Tuesday, August 14, 2007

The $5 Article vs. the $50 Article

I’ll occasionally get a note from a potential client asking for a cost estimate on a large number of web articles. I’ll send over a realistic price, and I’ll get a reply to the effect of “Why are you charging so much, when I can get this type of content for $5 a page (or free) elsewhere?”

It’s easy to see where this comes from. Articles that cost as low as $1 each can be found plenty of places online. Bidding sites like Elance and Guru offer low-cost writing services from all over the world. Some sites offer free content, while others feature content generators that reword pre-existing text automatically.

It can take minutes to read a page, but hours to write one. If you’ve had any experience with article writing, you know that it can take some time to do the job right. When you factor in research, organization, proofreading and editing, it can take hours to write a single page.

From a business-writer's perspective, these low prices don’t make much sense. At $5 an article or less, they'd have to write pretty fast to earn a decent wage. How can these writers afford to charge so little? I’ve come across a number of plausible reasons:

They live in an area with a low cost of living. To the horror of professional freelancers everywhere, some businesses are going Wal-Mart and outsourcing their content to places like China, India, and the Philippines. A dollar stretches a lot farther there than it does in the states. But even so, you get what you pay for—and writing isn’t a service that lends itself well to foreign outsourcing.

No matter how fluent, a non-native speaker will not sound completely natural when writing content in English. Most readers can tell at a glance when the writer is non-native. At best, the writing may sound stilted or slightly “off." At worst, clients get spelling and grammatical errors that reflect badly on their business. And if prospects catch on that a business is outsourcing their copy, they could wonder what else it outsources to pinch pennies.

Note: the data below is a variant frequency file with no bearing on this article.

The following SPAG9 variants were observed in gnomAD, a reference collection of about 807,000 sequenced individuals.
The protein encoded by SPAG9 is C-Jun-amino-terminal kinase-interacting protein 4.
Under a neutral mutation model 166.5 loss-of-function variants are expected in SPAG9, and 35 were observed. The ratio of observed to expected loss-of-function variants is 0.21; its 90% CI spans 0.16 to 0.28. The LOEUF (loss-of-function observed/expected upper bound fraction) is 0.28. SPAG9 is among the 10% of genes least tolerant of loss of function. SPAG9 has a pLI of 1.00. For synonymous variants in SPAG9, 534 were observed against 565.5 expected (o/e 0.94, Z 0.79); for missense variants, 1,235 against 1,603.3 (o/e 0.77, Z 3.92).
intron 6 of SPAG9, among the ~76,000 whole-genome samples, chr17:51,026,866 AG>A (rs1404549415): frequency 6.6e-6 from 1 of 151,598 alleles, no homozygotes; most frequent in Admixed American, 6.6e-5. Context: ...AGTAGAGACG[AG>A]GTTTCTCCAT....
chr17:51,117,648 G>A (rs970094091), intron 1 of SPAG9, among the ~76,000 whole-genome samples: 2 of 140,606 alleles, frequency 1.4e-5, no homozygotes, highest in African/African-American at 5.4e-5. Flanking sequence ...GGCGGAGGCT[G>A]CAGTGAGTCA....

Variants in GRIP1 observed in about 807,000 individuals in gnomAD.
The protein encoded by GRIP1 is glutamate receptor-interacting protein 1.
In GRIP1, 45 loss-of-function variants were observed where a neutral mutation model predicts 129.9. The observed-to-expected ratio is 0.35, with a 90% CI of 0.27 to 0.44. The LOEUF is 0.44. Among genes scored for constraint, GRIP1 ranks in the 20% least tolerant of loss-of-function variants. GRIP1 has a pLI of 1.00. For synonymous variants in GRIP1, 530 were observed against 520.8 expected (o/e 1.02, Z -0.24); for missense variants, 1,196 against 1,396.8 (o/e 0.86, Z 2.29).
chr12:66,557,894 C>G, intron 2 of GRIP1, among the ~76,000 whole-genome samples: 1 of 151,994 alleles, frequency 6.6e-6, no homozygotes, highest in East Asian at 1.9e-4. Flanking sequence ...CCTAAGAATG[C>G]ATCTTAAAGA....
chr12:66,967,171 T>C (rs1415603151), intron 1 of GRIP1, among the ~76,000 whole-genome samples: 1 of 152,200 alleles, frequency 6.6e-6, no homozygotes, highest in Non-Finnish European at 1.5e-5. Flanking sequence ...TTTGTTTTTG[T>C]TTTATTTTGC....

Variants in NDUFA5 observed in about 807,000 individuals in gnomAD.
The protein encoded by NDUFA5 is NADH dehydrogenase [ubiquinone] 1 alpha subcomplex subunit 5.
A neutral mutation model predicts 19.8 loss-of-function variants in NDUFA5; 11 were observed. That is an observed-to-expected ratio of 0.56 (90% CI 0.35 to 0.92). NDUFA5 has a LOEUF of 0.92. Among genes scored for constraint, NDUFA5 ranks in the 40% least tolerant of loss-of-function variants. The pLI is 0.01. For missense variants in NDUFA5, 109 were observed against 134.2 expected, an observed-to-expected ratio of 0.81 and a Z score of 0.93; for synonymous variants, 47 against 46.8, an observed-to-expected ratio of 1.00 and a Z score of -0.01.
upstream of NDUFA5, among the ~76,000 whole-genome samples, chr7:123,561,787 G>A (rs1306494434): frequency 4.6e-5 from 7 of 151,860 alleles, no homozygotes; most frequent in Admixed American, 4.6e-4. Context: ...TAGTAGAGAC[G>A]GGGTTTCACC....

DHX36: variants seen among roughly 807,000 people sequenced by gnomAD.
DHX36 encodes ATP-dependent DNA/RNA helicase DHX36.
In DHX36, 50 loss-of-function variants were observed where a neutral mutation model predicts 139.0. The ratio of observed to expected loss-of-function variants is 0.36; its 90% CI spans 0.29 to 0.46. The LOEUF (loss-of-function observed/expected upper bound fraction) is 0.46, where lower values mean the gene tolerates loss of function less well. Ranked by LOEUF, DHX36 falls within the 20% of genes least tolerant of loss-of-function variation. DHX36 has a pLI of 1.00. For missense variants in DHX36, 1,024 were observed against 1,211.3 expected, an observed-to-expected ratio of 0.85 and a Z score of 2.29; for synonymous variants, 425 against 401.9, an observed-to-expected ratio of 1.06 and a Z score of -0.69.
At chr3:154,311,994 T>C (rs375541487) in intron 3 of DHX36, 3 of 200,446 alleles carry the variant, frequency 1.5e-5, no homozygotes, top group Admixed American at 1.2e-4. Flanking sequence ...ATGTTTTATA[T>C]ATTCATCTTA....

They’re selling only first-time use rights. Some people buy reams of articles at low prices, then get a nasty surprise when their articles pop up later on other websites. This is because low-cost writers can make more money by selling articles multiple times. There’s nothing wrong with this if you agreed to it beforehand, but it can blindside you if you aren’t expecting it. And it won’t help your search engine rankings any to have duplicate copies of your content all over the web.

They’re playing the cut-and-paste game. Writers can crank out articles quickly by harvesting content from other areas on the web and pasting it into a new article with a minimum of rewriting. This kind of thing can harm the rankings of the original site, and it puts the client at risk for legal trouble.

Occasionally I’ll talk to copywriters who are worried about the low-cost competition. To be honest, however, I don’t think free content generators, outsourcing, and cut-and-pasters are anything to worry about.

In my experience, those who choose this option are far more concerned with cost than quality—they usually aren’t the type of prospects that professionals target. And the low-cost option can’t compete with a well-written article campaign designed to appeal to both search engines and readers.

2 comments:

Matthew C. Keegan said...

Good points, Jennifer. Still, I am amazed at the number of people who want me to cut them some slack on article writing when they want to purchase a series of articles. It still costs me the same amount of time researching, writing, proofreading, and editing each article whether they have 1, 5, 20 or more articles.

I guess some of that is my fault as I have given people a break in the past. Usually, I ended up being aggravated and short of cash after completely such projects. Never again!

Shirley said...

I couldn't agree with you more!

I find it frustrating, and yet have written some articles for $10, when I had no other projects going, because I have bills to pay. It takes me the same amount of time and money as it does when I do one for $50 or more.

Clients obviously have no idea how much time (and usually research) goes into a well written feature.

Still, I love being a freelancer.